Steve Clements is known by all who have worked with, trained under, or been treated by him as a superb clinician and teacher. It is hard to say which list is longer: his list of admirers or his list of accomplishments. Clements, who grew up in Woodbury, Georgia, earned a degree in Chemical Engineering from the Georgia Institute of Technology. He went on to receive his medical degree from the Medical College of Georgia in 1966 – where he was voted the “physician’s physician” by his senior classmates – and then completed his residency at Grady Memorial Hospital, later serving as Chief Resident and completing his fellowship in cardiology at Emory. As a Major in the U.S. Army Medical Corps, he earned the Army CommendationMedal for Meritorious Service. He joined the faculty of the Emory School of Medicine in 1973. Clements’ dedication has garnered much attention.  

He has been named one of the “Top Doctors in Atlanta” for nine of the last ten years by Atlanta Magazine and has twice been named one of the best doctors in America. In 2007 he received the Lifetime Achievement Award from the Georgia chapter of the American College of Cardiology. This past year, Clements became the first recipient of the R. Harold Harrison Endowed Chair in Cardiology. Such chairs recognize extraordinary achievements and leadership and are the most prestigious of named academic positions.  

Emory University Hospital Auxiliary

Each day at Emory University Hospital (EUH), a team of dedicated volunteers works quietly behind the scenes to support and comfort patients and families, who often are facing challenging times. These members of the Emory University Hospital Auxiliary, known for their blue jackets and welcoming smiles, contribute to healing in many ways. And they have served the hospital community for many years. For them, the auxiliary is a career – a calling – and they are as devoted to the hospital as the professional staff. Beyond thousands of hours of selfless service each year, auxiliary gifts to Emory University Hospital have come from gift shop proceeds and from individual members making their own contributions to strengthen the hospital they love.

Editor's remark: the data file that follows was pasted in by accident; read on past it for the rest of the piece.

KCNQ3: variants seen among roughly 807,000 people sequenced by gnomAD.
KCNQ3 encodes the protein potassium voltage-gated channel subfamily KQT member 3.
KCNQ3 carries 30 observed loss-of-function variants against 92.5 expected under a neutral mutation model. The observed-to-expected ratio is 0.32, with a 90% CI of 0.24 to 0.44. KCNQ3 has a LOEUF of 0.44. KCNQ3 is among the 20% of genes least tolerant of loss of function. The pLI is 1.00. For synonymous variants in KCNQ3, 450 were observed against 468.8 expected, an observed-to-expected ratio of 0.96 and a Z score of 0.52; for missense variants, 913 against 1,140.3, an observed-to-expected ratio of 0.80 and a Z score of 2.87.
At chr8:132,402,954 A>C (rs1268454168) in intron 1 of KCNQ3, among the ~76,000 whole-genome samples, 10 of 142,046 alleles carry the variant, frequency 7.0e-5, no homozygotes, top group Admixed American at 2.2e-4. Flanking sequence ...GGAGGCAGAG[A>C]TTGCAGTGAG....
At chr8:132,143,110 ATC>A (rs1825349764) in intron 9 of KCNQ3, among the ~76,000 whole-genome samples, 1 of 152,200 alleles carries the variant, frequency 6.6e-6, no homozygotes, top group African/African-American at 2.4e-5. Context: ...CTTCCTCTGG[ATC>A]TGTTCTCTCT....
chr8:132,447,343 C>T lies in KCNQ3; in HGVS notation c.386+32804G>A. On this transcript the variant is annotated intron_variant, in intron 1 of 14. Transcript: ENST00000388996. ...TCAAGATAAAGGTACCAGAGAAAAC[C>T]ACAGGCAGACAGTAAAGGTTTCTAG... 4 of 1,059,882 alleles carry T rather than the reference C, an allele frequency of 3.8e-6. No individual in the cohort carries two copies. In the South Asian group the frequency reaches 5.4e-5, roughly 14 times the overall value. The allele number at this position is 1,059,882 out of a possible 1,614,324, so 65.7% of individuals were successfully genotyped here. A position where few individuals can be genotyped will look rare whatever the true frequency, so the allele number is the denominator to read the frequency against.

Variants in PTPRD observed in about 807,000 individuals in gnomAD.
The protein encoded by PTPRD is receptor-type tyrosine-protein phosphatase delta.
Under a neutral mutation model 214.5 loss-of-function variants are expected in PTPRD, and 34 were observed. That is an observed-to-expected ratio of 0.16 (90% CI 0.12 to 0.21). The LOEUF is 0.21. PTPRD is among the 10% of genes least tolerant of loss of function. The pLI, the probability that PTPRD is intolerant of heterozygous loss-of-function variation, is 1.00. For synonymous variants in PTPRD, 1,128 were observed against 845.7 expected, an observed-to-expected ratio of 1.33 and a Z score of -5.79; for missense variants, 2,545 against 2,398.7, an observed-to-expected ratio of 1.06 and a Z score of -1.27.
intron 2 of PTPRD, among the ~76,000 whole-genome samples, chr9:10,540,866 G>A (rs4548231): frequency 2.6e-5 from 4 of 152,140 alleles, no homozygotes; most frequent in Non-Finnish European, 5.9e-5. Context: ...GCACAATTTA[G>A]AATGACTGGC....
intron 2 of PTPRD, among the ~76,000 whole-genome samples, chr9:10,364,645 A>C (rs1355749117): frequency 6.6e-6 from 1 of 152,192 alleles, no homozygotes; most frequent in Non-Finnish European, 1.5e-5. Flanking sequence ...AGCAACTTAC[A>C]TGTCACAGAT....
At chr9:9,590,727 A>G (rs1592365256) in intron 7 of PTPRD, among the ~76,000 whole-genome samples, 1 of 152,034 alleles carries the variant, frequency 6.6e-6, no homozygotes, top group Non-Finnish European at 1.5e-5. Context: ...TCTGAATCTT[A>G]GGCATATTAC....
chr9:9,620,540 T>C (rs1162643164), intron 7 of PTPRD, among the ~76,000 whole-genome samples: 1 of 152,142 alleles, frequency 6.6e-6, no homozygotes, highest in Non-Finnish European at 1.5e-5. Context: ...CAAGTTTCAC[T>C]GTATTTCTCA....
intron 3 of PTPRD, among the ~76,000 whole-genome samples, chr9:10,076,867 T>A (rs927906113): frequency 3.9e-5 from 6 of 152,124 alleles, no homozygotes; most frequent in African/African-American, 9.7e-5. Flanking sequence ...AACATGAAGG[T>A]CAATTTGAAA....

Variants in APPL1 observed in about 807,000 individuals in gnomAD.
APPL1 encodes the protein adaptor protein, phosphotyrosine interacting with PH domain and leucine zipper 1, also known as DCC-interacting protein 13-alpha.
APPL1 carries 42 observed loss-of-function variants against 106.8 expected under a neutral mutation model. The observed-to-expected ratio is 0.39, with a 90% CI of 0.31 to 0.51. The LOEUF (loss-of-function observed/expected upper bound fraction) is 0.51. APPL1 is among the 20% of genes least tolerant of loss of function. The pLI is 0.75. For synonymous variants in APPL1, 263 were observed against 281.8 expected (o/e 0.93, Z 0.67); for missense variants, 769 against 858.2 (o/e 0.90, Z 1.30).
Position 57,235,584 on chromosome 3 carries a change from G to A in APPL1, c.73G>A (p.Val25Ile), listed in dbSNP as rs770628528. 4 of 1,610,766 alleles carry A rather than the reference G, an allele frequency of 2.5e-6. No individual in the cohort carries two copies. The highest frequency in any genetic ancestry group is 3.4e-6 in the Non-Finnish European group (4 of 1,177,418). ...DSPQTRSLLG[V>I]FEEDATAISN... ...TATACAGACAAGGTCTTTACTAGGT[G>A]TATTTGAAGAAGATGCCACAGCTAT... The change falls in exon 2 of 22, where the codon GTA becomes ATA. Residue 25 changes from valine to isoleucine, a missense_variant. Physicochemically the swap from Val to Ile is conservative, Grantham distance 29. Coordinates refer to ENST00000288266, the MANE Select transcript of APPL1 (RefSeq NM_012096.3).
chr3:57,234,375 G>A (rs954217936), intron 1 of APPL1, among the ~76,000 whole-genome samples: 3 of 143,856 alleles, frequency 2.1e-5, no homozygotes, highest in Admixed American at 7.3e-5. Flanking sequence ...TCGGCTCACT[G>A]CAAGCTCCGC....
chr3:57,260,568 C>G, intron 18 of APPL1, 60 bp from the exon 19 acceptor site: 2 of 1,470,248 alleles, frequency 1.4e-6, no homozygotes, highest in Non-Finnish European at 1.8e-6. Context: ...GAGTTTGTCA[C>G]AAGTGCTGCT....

Auxiliary gifts have funded projects on virtually every floor of Emory University Hospital, including major improvements to enhance family waiting areas, the purchase of special clinical equipment, and renovation of the hospital chapel. The auxiliary was created in 1913 to support Wesley Memorial Hospital, Emory’s forerunner. Renamed the Emory University Hospital Auxiliary in 1959, it has been central to the life of the hospital for nearly 100 years. Auxilian Peggy Norton has devoted 30 years to volunteering in Emory Hospital. She and her auxiliary co-workers are proud of their accomplishments. “It’s our way of giving and caring as ambassadors. We wouldn’t trade it for the world.”  

For more information about the Second Century Awards, please contact Ellen Sacchi, Senior Director of Development, Emory Healthcare at 404-712-4152 or


The Robert W. Woodruff Health Sciences Center of Emory University is an academic health science and service center focused on missions of teaching, research, health care and public service.